• FM emergency genset question

  • Discussion of Fairbanks-Morse locomotive products. Official web site can be found here: www.fairbanksmorse.com.
Discussion of Fairbanks-Morse locomotive products. Official web site can be found here: www.fairbanksmorse.com.

Moderator: pablo

  by EDM5970
I spent a few hours on the battleship North Carolina last week, on display in Wilmington NC. The very first thing that caught my eye, in the one engine room that was open to the public, was an OP and a 200 KW GE generator.

Now, I know my way around Alcos and know a little about the "other' two cycle power, but I could not tell how many cylinders this engine had! FM did a nice job of "packaging" that engine, to be sure.

The nameplate was up high, and in poor light, but I was able to make out that it was a model 38, the RPM was 900, and that the HP was 300. There were six thermocouple junction boxes running into the base, I suspect for bearings, and the governor was a Woodward SI.

Any ideas on how many cylinders? The present FME site doesn't have anything nearly this small (by a factor of six or so).

I would have liked to see the main ships service generators (said to be four turbines and four diesels), but those spaces were closed to the public. Also, I've heard stories that the New Jersey (Iowa class) has Alco 539s, but in this state, run by lawyers and insurance companies, I'll never see them-

The North Carolina is well worth the visit, if you are ever in the area.

Seen this yet? FM O/P

  by EDM5970
Yes, thats why I mentioned the "factor of six" in my 4th paragraph- Any other sources of old OP info out there?

Contact EnPro. They have archival info, that will give you what you want. That's why I posted the link. Regards :wink:

  by Typewriters
I'd make a bet that with an engine speed of 900 RPM that this was a 5-1/4 X 6 engine, and with what you say were six sets of bearing thermocouple leads that would make five crank throws, so five cylinders. Did you take pictures? You can count the openings along the sides (either open, or covered with bolt-on square or rectangular covers) which were there for access to the fuel injector nozzles (one each side) and, on the engine on my boat, the cylinder test valves. So, I'd bet it was a five cylinder 5-1/4 engine; you could get that output from that displacement at that speed.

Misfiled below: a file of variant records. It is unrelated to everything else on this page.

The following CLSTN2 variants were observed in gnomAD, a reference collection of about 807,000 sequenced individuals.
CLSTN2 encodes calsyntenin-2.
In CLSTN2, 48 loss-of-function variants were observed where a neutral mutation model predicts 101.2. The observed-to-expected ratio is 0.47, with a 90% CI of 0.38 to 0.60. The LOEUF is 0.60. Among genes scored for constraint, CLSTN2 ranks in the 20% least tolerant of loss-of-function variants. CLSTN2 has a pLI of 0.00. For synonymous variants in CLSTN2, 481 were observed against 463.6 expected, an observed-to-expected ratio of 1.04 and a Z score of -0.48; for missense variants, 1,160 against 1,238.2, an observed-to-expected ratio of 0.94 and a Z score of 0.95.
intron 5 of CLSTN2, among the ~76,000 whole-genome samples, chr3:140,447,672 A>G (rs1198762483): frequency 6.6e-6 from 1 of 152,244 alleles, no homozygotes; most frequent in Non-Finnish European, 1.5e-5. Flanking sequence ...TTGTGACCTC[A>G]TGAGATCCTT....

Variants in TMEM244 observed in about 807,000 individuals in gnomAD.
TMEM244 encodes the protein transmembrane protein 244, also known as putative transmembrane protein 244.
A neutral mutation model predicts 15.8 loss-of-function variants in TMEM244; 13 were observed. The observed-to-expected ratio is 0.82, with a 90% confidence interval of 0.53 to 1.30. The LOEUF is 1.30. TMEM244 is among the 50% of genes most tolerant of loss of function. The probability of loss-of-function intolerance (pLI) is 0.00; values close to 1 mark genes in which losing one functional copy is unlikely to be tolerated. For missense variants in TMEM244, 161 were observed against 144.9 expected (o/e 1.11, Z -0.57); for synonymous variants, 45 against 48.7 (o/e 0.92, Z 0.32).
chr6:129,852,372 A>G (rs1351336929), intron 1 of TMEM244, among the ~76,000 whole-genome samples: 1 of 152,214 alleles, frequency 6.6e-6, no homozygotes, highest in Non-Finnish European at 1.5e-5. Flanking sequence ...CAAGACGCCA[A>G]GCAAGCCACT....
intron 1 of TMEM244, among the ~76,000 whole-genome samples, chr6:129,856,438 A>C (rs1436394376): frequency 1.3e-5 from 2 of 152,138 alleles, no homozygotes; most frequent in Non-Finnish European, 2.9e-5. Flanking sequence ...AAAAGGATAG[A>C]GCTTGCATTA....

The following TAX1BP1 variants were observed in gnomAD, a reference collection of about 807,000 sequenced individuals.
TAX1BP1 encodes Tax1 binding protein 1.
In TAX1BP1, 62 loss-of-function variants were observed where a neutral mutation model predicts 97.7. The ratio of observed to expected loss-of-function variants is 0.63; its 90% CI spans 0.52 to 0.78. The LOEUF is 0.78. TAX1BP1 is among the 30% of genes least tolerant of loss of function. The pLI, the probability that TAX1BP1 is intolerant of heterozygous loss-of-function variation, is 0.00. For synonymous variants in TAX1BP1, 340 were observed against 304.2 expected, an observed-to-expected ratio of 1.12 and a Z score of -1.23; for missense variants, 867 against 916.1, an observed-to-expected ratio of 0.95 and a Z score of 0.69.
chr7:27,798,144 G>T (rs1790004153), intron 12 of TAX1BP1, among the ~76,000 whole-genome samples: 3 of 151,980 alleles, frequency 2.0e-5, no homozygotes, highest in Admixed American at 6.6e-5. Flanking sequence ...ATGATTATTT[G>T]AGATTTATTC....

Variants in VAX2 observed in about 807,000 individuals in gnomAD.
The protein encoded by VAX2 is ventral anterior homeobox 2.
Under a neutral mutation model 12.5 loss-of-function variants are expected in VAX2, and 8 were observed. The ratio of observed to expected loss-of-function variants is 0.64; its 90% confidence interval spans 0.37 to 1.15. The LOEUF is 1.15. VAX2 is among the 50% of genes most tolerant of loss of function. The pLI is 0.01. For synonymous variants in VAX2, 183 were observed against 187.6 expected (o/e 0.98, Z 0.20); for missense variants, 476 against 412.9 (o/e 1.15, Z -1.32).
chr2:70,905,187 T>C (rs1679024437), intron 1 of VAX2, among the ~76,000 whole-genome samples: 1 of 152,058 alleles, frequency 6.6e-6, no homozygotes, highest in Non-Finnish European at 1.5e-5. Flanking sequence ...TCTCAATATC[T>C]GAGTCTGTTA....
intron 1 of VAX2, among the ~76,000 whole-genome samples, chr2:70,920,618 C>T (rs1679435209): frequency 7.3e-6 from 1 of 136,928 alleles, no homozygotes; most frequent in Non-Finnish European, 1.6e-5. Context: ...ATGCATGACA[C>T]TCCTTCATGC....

-Will Davis

  by mxdata
Some views and a cross section of the 38D 8-1/8, the 5-1/4 is mentioned but no illustrations:

http://www.tugboatenthusiastsociety.org ... ern-FM.htm

  by EDM5970
Thanks for all the good information. I got a chance to look in my Draney and Kirkland books the other day, and found a bit more information.

The Draney book (published in 1943) has information on a 38D8 five cylinder 8 by 10 engine. Rated horsepower was 750, at 720 RPM. This must have been the engine used in the SOU and AGS motorcars, delivered in 1939, as detailed in the Kirkland book.

Kirkland mentions the smaller 38F51/4 (5 1/4 by 7 1/4) engine available in 5, 6, 7, 8 and 10 cylinder configurations. The smallest of these was rated at 375 HP at 1200 RPM, so 300 HP at 900 RPM (with an 8 pole alternator for 60 cycles) seems reasonable.

What had me guessing was the nameplate, which only had "38" stamped in the model field. Also, there were only two long injector and crankcase covers, while the larger engine had covers for each cylinder.

Its interesting that Will suggests a 5 1/4 by 6 engine, and Kirkland has a 7" bore. The larger engine in Draney is an 8 by 10, Kirkland uses 8 1/8 for the bore (as in the model number), but a caption later in the Kirkland accompanies a photo of a later 8 1/2" by 10" OP intended for power generation usage. All development, I'm sure; we all know the BLW VO engine grew a bit in bore towards the end. And of course the 567 "grew" into the 645-

(My visit to the North Carolina has a Cooper-Bessemer tie-in, but I'll put that on the GE forum-)